Saudi ready for 'failure' as it looks to boost M&A

Saudi Arabia must be ready to accept the risk of companies failing as it relaxes rules on mergers and acquisitions, the head of the country's Capital Markets Authority tells GlobalMarkets

  • By Virginia Furness
  • 13 Oct 2017
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El-Kuwaiz
El-Kuwaiz: ‘Saudi no longer an island’
Financial regulators in Saudi Arabia are looking to ease rules for mergers and acquisitions in order to inject an additional boost to the economy as the country embarks on a $300bn privatisation programme that will put itself firmly on the map for investors, the chairman of the Capital Market Authority (CMA) has told GlobalMarkets.


Work is going on behind the scenes to encourage the listing of foreign companies on the Tadawul stock exchange, as well as redrafting M&A regulation, that will bring other sources of foreign investment.
The flotation of a 5% stake in state-owned oil company Aramco that is valued at $1tr-$2tr could raise up to $100bn which, together with other assets totalling $200bn, will bring a windfall to the Gulf nation as the country continues to diversify its economy under Vision 2030, its ambitious reform programme.
Mohammed A El-Kuwaiz acknowledged that opening up what had been one of the most closed and conservative societies in the world would leave the country more exposed to the whims of international investors, but said it was necessary.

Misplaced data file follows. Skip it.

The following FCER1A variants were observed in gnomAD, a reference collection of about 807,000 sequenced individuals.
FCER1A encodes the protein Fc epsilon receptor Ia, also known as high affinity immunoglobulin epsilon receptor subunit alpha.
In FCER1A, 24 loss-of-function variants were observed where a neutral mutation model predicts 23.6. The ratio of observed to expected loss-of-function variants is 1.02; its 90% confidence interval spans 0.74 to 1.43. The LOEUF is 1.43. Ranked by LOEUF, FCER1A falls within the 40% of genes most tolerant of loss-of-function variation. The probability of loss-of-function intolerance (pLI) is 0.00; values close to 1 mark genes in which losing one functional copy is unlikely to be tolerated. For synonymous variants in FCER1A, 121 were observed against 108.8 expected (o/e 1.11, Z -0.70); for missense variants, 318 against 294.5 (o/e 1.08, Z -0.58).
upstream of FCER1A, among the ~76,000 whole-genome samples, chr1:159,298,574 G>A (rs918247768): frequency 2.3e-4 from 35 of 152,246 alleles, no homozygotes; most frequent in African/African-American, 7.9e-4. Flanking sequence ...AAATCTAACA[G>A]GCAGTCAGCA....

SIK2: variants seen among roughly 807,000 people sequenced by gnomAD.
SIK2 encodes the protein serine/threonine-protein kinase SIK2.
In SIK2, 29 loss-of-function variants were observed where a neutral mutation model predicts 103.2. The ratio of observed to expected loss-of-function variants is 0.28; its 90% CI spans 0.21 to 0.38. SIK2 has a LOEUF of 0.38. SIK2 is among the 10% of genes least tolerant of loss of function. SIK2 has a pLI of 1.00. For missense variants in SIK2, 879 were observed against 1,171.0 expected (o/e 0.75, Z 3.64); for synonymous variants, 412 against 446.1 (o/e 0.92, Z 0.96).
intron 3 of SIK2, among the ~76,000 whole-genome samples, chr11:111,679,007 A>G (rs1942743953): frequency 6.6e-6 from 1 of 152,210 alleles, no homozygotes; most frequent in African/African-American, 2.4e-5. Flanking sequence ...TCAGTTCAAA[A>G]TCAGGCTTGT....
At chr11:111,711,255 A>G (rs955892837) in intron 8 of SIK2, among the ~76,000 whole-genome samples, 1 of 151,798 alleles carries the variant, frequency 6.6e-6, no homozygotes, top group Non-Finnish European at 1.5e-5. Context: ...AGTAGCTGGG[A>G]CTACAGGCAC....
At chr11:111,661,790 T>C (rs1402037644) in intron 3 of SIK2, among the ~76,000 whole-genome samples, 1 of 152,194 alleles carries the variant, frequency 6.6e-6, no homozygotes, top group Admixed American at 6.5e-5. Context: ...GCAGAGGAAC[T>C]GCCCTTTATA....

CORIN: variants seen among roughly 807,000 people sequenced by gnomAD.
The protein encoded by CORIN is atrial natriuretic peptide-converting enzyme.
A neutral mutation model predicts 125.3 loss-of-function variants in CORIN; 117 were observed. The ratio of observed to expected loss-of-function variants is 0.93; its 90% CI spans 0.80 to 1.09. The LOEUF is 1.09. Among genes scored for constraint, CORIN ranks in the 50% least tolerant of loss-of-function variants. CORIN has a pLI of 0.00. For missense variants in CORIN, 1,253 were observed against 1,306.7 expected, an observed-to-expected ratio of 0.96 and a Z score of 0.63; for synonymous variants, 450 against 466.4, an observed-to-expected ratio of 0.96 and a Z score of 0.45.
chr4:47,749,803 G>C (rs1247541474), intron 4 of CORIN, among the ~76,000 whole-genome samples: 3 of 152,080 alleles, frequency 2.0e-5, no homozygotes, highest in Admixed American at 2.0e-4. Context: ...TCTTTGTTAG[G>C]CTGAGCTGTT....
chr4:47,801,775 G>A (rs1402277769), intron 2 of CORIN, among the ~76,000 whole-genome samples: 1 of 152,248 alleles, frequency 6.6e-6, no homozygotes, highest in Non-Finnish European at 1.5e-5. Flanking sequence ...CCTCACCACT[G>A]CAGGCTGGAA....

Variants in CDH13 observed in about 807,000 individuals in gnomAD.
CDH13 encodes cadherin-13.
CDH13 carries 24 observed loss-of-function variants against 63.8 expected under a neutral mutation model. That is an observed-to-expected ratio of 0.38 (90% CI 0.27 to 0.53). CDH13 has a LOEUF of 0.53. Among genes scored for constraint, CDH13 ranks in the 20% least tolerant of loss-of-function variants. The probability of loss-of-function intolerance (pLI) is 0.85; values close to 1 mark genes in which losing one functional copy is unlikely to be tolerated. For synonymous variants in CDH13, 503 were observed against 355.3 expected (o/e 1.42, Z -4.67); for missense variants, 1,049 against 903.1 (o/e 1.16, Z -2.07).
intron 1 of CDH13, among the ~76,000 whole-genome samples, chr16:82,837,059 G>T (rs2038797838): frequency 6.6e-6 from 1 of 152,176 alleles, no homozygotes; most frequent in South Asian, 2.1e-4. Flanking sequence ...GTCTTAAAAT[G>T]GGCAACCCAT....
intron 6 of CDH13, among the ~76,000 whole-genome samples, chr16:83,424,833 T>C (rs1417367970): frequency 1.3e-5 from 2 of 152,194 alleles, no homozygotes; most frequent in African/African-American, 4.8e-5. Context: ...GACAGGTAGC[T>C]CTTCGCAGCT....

“This level of growth comes with risks — risks of firms failing — but we have a degree of tolerance for failure and efficient mechanisms to deal with it,” he said. “Saudi Arabia can no longer be an island.”
El-Kuwaiz identified the redrafting of M&A regulation a top priority of the CMA over the next 12 months. “The previous M&A regulations had been viewed by many as a hindrance to activity and therefore consolidation among publically traded firms,” he said. “Our hope is that the new regulations make it vastly easier for transactions to be completed.”

M&A growth forecast

The most notable change is that acquisitions no longer require the unanimous agreement of shareholders which was previously a huge barrier to any activity, he added. 
El-Kuwaiz said knowledge of the new regulation had spurred a resurgence in the amount of discussions and preparation among Saudi-based companies looking to engage in M&A activity.  
While he would not point to specific sectors, he said transactions would be between both local and international companies. 
Saudi Arabia has the potential to demonstrate the ninth highest growth level for M&A and IPO activity until 2020, according to a report by the US-Saudi Arabian Business Council (USSABC). It noted that Saudi Arabia was projected to see a 53% increase in M&A activity growth over the next five years. 
M&A transaction volumes slowed down from an average of 12 per quarter in 2014, to seven per quarter in 2015 and 2016, due to economic challenges ensuing from the fall in oil prices from highs of $112 per barrel to below $40 in January 2016. 


  • By Virginia Furness
  • 13 Oct 2017

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